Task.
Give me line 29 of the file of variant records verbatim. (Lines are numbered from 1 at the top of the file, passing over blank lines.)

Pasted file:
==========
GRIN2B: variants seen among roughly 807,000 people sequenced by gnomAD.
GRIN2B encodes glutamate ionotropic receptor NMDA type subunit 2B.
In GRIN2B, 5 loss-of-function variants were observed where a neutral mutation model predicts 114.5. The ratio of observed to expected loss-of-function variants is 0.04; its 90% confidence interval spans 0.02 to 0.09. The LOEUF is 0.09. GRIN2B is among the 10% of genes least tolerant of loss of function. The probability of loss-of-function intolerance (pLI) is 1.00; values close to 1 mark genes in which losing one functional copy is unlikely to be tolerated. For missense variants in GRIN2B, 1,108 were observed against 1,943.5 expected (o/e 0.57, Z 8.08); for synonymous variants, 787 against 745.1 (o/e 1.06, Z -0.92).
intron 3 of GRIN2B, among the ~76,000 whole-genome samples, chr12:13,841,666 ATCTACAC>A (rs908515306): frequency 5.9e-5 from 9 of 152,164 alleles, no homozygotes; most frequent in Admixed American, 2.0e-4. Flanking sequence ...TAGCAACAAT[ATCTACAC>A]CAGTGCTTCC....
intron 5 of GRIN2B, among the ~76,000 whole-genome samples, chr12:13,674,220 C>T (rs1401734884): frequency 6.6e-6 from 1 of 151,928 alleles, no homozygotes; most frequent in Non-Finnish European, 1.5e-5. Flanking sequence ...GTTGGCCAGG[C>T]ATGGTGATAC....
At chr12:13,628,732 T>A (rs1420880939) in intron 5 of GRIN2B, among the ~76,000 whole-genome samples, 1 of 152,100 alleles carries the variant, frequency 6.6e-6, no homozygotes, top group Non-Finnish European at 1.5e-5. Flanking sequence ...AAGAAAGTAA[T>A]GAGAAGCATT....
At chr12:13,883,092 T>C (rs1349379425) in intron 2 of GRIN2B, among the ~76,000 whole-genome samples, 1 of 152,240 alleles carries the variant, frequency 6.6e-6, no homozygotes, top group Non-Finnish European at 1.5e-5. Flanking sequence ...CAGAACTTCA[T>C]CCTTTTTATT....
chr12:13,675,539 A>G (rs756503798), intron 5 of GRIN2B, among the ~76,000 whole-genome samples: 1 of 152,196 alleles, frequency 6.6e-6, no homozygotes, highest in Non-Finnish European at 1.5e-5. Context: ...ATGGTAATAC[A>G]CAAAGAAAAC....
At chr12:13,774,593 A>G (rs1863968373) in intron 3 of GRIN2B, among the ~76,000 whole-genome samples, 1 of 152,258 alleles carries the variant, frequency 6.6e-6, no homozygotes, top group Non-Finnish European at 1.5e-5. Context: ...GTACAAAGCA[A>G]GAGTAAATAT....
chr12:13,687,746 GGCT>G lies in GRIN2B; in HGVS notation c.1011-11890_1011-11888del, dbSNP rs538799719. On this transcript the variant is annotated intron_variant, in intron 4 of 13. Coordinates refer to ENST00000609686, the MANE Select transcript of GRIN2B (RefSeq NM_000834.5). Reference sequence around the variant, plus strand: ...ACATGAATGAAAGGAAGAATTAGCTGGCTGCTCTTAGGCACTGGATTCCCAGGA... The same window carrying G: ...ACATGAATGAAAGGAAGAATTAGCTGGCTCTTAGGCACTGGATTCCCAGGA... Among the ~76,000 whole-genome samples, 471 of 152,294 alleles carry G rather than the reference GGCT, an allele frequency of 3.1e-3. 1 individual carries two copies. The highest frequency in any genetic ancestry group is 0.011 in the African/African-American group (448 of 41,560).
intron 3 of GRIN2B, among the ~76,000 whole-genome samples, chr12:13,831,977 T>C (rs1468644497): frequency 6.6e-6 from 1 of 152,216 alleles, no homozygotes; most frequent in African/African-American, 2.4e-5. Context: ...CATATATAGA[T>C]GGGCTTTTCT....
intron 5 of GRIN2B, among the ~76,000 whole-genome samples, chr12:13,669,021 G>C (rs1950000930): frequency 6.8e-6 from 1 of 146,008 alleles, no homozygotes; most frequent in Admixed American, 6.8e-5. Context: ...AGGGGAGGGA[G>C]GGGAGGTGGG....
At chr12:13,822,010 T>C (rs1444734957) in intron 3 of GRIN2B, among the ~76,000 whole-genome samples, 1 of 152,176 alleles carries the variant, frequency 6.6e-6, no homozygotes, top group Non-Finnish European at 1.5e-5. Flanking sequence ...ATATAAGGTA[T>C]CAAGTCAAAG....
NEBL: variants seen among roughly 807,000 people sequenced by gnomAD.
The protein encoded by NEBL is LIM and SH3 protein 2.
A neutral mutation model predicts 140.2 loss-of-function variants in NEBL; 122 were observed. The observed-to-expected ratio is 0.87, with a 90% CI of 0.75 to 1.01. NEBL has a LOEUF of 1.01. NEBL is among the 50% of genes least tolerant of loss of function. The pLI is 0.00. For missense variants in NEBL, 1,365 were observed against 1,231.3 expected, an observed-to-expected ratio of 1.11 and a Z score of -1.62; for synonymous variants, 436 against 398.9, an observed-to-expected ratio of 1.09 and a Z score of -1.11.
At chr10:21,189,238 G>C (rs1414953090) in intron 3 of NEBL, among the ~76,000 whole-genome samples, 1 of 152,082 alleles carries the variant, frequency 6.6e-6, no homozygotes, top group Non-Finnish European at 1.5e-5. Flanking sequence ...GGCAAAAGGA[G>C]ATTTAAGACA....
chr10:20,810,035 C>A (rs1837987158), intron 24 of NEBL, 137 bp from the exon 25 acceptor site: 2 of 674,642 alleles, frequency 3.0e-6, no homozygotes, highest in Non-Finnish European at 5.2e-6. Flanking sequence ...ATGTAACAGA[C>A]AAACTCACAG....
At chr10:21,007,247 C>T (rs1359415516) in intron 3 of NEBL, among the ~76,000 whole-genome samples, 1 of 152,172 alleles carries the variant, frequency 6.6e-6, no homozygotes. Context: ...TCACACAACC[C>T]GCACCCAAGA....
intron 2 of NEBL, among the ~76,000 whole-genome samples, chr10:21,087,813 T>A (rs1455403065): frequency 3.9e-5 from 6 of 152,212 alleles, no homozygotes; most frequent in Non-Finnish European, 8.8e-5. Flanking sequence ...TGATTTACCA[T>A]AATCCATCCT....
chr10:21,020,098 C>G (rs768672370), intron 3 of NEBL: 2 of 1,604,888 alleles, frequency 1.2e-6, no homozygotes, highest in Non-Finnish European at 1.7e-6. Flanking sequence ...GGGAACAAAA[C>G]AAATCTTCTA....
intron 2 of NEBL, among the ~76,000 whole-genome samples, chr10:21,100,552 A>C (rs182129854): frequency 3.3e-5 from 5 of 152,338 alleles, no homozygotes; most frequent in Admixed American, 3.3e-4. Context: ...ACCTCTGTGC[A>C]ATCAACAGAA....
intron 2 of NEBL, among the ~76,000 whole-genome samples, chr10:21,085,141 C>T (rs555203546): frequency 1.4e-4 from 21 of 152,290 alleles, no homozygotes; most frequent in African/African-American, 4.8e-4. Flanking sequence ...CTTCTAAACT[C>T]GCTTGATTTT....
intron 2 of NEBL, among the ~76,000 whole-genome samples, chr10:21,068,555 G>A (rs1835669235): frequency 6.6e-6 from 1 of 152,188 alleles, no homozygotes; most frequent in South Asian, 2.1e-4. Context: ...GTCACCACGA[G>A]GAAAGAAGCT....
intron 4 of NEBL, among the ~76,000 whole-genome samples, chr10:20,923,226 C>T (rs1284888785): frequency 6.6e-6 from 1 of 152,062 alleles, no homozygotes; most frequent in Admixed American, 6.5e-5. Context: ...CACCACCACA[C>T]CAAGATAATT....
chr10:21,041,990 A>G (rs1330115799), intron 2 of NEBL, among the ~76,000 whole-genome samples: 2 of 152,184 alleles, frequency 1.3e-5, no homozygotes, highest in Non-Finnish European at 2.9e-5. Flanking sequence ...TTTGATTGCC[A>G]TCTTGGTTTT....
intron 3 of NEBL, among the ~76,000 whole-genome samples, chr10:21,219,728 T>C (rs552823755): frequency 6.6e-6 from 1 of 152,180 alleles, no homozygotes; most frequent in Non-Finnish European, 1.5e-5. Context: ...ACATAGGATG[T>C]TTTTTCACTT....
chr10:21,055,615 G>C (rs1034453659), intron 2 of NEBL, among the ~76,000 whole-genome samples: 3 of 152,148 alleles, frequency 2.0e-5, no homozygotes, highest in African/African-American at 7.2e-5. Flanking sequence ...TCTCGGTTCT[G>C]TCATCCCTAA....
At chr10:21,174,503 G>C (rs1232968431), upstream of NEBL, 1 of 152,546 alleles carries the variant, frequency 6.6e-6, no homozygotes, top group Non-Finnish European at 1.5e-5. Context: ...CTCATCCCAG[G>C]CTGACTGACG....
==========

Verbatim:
At chr10:21,174,503 G>C (rs1232968431), upstream of NEBL, 1 of 152,546 alleles carries the variant, frequency 6.6e-6, no homozygotes, top group Non-Finnish European at 1.5e-5. Context: ...CTCATCCCAG[G>C]CTGACTGACG....